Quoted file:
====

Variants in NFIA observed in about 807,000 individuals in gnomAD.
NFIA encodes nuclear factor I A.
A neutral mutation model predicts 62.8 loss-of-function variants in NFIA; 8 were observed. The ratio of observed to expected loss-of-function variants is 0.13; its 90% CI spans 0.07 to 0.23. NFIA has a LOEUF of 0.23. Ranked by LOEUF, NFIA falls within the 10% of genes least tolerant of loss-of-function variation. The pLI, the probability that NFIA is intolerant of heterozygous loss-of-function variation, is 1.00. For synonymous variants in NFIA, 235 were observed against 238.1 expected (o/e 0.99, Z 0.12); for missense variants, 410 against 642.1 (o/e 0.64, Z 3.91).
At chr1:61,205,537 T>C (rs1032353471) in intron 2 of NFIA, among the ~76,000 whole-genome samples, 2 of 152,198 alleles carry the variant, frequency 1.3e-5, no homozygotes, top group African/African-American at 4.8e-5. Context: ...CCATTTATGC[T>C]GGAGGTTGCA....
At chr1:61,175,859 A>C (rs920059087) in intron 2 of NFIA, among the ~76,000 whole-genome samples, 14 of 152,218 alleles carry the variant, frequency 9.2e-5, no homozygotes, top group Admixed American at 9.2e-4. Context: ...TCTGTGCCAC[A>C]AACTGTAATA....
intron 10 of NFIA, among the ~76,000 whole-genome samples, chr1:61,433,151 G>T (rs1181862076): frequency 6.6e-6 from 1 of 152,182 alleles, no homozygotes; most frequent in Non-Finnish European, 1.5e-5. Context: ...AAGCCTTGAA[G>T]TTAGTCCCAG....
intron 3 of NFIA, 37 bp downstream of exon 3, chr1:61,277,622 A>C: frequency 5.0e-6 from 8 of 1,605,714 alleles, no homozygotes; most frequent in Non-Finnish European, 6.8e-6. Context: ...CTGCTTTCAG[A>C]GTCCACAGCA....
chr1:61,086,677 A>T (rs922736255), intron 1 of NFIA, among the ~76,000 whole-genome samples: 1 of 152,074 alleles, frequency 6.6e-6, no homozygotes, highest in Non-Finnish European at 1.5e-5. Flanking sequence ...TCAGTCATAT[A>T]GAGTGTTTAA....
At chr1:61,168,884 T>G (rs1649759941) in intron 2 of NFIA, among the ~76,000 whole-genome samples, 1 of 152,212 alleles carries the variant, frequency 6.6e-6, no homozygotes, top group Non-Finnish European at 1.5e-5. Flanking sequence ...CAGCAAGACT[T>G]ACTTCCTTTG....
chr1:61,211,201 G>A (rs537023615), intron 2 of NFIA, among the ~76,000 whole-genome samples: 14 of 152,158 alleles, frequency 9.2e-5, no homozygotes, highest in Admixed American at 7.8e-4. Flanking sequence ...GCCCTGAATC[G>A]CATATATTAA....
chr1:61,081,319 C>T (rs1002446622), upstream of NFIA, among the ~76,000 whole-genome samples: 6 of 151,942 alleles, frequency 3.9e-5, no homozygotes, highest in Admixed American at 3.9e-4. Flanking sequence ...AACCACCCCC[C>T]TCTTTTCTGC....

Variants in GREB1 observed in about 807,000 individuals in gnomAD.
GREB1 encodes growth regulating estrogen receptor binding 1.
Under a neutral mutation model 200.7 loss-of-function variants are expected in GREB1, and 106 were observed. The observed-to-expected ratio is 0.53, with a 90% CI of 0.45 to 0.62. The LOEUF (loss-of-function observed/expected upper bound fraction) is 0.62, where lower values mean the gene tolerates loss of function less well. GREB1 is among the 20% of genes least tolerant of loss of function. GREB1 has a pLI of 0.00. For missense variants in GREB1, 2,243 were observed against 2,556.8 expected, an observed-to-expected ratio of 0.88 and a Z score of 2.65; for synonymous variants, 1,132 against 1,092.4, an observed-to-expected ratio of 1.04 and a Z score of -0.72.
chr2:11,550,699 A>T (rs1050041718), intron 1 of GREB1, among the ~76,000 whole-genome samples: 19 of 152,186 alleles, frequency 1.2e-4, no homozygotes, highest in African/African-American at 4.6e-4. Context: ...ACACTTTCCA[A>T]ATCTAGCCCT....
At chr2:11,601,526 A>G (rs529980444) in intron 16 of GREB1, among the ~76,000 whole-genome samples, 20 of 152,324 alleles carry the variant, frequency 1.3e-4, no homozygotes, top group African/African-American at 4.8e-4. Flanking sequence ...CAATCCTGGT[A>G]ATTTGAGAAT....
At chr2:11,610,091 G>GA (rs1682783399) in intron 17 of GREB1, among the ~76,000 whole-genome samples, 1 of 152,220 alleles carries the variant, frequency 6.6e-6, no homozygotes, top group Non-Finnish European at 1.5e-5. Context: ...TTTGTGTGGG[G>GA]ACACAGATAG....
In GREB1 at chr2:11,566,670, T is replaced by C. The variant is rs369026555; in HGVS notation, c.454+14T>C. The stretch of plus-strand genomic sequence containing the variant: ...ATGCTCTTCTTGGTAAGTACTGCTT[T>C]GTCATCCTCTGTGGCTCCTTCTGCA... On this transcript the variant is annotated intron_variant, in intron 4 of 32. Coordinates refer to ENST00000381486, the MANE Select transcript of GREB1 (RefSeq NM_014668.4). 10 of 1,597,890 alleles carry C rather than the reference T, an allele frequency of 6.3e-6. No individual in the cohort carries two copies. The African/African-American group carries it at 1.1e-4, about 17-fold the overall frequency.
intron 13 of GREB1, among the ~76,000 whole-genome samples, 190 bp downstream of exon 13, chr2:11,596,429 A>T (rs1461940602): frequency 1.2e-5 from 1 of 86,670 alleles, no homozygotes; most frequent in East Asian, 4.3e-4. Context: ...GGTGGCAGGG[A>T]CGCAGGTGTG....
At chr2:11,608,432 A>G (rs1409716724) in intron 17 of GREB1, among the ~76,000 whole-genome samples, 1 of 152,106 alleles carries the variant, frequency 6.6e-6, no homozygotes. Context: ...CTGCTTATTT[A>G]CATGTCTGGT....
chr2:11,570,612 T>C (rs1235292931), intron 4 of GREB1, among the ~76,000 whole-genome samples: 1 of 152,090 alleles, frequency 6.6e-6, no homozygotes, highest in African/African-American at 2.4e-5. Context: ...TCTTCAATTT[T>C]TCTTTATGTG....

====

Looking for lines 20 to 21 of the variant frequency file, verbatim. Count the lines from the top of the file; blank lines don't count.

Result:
At chr2:11,608,432 A>G (rs1409716724) in intron 17 of GREB1, among the ~76,000 whole-genome samples, 1 of 152,106 alleles carries the variant, frequency 6.6e-6, no homozygotes. Context: ...CTGCTTATTT[A>G]CATGTCTGGT....
chr2:11,570,612 T>C (rs1235292931), intron 4 of GREB1, among the ~76,000 whole-genome samples: 1 of 152,090 alleles, frequency 6.6e-6, no homozygotes, highest in African/African-American at 2.4e-5. Context: ...TCTTCAATTT[T>C]TCTTTATGTG....